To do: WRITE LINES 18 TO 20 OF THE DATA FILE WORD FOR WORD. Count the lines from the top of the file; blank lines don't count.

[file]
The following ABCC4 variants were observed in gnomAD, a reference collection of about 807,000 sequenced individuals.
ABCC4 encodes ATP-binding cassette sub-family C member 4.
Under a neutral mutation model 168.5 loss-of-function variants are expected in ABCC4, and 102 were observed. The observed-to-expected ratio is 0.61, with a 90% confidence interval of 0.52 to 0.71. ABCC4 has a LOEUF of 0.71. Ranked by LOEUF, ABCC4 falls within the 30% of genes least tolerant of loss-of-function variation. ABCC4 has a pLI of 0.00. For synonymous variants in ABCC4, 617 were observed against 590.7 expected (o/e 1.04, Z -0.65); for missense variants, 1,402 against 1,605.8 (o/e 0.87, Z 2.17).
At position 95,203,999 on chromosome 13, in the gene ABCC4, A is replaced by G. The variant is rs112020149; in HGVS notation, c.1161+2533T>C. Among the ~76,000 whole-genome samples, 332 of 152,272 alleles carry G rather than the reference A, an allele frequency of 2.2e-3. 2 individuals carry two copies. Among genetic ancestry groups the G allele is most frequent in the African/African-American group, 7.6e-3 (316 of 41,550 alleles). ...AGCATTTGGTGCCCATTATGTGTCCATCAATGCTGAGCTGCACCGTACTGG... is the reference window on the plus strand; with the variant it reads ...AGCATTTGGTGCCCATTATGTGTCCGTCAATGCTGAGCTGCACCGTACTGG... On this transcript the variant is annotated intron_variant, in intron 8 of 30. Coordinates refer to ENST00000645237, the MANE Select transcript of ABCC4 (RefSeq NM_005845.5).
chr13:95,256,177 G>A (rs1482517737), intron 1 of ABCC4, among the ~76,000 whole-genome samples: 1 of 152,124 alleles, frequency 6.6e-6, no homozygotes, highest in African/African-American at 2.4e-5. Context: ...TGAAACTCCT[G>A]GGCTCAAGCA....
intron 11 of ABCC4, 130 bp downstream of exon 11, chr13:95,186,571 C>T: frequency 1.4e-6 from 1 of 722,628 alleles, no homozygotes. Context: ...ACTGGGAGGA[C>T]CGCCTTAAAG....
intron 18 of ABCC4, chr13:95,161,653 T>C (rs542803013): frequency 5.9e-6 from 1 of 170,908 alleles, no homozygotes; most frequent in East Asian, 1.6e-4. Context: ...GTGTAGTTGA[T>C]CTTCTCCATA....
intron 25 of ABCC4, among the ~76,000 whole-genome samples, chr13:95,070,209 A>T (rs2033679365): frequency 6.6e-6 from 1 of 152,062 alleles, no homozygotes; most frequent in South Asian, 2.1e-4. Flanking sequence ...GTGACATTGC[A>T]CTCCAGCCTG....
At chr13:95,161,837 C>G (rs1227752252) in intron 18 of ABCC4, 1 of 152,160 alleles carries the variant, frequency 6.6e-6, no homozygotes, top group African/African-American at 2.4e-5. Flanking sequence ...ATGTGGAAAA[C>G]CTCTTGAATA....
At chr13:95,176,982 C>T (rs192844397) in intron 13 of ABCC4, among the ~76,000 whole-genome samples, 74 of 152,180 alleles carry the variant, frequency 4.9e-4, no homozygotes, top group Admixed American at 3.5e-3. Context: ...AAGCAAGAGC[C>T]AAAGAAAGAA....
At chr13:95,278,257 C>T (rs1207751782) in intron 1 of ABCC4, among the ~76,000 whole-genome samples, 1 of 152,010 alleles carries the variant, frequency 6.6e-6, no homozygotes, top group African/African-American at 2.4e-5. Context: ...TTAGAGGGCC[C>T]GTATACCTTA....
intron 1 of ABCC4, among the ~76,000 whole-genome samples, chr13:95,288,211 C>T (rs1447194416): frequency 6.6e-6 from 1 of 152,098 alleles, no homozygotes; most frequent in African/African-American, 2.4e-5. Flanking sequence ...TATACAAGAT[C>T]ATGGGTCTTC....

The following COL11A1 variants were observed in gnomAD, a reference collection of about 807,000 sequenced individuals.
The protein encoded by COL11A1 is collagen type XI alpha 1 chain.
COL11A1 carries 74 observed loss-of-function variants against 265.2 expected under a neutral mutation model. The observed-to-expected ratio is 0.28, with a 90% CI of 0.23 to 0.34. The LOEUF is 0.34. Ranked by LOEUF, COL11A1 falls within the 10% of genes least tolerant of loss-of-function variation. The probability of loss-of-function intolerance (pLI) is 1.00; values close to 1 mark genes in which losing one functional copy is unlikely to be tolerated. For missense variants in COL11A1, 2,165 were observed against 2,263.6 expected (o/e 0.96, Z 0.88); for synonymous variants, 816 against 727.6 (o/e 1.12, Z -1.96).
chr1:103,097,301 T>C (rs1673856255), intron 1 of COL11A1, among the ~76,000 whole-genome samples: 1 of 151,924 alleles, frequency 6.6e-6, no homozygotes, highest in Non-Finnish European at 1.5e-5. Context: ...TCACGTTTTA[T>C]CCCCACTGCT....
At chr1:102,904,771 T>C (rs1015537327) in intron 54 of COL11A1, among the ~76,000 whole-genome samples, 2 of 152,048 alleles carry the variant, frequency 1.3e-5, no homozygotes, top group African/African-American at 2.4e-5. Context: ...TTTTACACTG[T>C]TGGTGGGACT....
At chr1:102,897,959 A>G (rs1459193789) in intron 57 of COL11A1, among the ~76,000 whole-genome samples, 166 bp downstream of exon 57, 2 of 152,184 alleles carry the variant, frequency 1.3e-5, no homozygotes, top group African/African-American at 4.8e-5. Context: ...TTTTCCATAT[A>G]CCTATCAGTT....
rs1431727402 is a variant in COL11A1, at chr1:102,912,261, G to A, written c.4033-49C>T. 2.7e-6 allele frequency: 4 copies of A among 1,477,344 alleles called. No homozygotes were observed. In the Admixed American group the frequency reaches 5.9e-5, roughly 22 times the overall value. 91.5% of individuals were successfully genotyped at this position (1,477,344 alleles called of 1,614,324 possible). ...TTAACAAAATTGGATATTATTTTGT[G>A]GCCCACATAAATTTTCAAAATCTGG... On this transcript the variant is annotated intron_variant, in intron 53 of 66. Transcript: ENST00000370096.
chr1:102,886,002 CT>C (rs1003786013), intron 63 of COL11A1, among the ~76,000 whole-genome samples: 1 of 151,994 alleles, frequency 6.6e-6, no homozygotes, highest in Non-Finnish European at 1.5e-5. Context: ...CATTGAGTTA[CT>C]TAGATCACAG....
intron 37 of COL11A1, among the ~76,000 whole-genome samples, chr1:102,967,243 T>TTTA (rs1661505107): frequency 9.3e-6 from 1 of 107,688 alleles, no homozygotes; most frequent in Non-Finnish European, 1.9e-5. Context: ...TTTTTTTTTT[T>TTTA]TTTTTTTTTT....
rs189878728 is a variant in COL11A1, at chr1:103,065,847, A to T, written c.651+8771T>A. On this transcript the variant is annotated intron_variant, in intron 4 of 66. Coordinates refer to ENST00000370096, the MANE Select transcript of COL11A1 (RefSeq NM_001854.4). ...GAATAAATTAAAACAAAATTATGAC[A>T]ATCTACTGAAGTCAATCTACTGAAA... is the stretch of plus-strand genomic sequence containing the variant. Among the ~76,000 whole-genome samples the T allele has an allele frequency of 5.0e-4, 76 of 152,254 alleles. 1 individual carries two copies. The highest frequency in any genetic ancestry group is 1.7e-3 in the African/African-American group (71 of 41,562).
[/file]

At chr1:102,897,959 A>G (rs1459193789) in intron 57 of COL11A1, among the ~76,000 whole-genome samples, 166 bp downstream of exon 57, 2 of 152,184 alleles carry the variant, frequency 1.3e-5, no homozygotes, top group African/African-American at 4.8e-5. Context: ...TTTTCCATAT[A>G]CCTATCAGTT....
rs1431727402 is a variant in COL11A1, at chr1:102,912,261, G to A, written c.4033-49C>T. 2.7e-6 allele frequency: 4 copies of A among 1,477,344 alleles called. No homozygotes were observed. In the Admixed American group the frequency reaches 5.9e-5, roughly 22 times the overall value. 91.5% of individuals were successfully genotyped at this position (1,477,344 alleles called of 1,614,324 possible). ...TTAACAAAATTGGATATTATTTTGT[G>A]GCCCACATAAATTTTCAAAATCTGG... On this transcript the variant is annotated intron_variant, in intron 53 of 66. Transcript: ENST00000370096.
chr1:102,886,002 CT>C (rs1003786013), intron 63 of COL11A1, among the ~76,000 whole-genome samples: 1 of 151,994 alleles, frequency 6.6e-6, no homozygotes, highest in Non-Finnish European at 1.5e-5. Context: ...CATTGAGTTA[CT>C]TAGATCACAG....